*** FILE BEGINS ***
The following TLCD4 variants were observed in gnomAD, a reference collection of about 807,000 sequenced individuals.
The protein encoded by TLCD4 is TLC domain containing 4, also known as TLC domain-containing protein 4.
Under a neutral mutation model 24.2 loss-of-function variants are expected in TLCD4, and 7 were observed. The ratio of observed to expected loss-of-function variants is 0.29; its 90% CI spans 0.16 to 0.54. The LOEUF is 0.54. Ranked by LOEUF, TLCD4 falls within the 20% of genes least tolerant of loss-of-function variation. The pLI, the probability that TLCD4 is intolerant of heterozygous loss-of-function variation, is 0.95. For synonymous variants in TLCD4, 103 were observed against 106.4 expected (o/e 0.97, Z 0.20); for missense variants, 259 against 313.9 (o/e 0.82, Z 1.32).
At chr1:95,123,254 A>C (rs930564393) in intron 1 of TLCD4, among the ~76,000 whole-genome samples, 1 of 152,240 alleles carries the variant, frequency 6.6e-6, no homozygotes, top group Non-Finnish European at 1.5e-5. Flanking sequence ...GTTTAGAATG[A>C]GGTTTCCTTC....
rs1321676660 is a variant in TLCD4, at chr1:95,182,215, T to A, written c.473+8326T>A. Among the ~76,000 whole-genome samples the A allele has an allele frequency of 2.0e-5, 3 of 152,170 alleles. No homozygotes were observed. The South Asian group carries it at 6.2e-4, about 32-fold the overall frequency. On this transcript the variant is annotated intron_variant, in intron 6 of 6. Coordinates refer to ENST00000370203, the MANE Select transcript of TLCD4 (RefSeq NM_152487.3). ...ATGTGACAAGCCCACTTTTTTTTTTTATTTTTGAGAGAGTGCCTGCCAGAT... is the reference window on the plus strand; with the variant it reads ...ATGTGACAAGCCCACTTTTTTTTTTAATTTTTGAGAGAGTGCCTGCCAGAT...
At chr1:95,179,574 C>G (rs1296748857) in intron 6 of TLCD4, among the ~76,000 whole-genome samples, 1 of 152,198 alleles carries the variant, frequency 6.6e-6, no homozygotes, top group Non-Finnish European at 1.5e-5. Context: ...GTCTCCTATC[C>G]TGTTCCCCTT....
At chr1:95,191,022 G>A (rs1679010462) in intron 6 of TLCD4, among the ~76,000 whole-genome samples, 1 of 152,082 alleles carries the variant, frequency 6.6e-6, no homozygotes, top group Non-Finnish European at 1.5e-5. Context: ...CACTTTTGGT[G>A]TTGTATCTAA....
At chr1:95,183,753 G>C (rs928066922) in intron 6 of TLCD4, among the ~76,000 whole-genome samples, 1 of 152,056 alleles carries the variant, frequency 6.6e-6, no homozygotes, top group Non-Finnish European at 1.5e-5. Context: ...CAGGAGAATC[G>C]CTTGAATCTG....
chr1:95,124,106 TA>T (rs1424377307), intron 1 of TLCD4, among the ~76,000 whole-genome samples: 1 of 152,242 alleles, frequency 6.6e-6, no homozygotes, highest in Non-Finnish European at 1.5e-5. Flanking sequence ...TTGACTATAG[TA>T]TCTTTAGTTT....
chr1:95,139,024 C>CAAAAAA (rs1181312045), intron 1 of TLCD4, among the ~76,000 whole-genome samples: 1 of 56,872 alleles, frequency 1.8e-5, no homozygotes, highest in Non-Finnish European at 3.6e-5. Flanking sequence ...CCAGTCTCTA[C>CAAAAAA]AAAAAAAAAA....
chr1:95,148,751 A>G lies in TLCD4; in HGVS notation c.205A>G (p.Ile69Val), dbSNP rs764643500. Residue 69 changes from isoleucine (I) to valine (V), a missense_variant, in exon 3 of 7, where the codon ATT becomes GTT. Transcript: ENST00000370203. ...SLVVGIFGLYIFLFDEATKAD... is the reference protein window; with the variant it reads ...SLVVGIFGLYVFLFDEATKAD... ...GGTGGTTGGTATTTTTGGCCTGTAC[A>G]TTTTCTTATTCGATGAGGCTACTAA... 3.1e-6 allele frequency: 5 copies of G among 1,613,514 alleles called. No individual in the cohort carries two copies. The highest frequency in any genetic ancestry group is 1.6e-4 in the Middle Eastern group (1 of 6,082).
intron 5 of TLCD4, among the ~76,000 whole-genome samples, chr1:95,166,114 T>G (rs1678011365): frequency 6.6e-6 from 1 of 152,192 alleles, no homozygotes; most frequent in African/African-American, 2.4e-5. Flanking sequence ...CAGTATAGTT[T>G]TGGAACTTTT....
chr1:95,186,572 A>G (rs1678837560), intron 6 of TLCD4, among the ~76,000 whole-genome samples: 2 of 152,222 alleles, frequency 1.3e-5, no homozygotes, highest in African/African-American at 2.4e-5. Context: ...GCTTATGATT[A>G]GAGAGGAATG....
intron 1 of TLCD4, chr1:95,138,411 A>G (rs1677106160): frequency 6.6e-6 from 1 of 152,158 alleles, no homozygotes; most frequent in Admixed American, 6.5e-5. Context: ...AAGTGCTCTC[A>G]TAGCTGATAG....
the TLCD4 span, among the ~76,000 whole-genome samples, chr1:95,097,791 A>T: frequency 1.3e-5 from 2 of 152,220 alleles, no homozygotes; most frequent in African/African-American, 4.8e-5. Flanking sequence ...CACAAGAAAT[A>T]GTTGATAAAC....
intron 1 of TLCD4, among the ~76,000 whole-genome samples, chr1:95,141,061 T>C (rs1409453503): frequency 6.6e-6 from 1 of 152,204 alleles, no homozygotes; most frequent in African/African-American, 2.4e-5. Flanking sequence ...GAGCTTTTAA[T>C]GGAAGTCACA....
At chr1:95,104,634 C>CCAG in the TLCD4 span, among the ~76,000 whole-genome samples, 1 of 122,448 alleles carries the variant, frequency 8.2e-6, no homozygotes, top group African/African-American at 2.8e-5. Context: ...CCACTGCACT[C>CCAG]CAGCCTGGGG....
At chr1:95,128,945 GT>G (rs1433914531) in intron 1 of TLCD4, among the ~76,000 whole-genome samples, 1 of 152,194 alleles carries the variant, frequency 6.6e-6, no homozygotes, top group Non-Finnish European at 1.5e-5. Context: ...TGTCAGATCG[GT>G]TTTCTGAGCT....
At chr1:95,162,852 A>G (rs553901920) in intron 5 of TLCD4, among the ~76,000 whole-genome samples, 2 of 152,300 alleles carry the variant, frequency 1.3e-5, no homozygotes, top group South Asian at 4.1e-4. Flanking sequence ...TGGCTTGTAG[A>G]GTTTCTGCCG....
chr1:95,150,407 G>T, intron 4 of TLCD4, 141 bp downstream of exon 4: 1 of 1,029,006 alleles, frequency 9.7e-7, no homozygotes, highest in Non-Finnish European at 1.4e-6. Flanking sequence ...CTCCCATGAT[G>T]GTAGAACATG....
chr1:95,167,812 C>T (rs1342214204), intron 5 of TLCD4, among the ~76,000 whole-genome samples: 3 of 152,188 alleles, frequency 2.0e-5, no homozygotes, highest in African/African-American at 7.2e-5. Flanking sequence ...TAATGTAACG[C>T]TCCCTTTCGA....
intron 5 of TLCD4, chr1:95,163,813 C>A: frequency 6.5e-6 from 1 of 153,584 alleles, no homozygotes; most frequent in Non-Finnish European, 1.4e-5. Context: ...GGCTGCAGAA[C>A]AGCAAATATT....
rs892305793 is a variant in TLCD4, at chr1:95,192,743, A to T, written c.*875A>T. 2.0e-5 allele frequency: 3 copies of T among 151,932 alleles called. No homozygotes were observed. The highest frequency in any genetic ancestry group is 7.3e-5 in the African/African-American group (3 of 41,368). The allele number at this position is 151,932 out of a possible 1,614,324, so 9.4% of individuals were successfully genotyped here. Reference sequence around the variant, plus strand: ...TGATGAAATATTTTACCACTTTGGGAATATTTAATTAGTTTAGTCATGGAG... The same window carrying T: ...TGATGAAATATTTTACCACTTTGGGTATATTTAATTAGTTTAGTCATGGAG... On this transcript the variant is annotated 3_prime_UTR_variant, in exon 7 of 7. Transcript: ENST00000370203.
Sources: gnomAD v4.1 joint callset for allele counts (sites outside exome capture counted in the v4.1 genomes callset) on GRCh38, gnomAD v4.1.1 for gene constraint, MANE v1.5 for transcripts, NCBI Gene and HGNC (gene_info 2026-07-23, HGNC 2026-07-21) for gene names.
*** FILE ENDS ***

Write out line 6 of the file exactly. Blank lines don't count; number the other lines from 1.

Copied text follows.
At chr1:95,179,574 C>G (rs1296748857) in intron 6 of TLCD4, among the ~76,000 whole-genome samples, 1 of 152,198 alleles carries the variant, frequency 6.6e-6, no homozygotes, top group Non-Finnish European at 1.5e-5. Context: ...GTCTCCTATC[C>G]TGTTCCCCTT....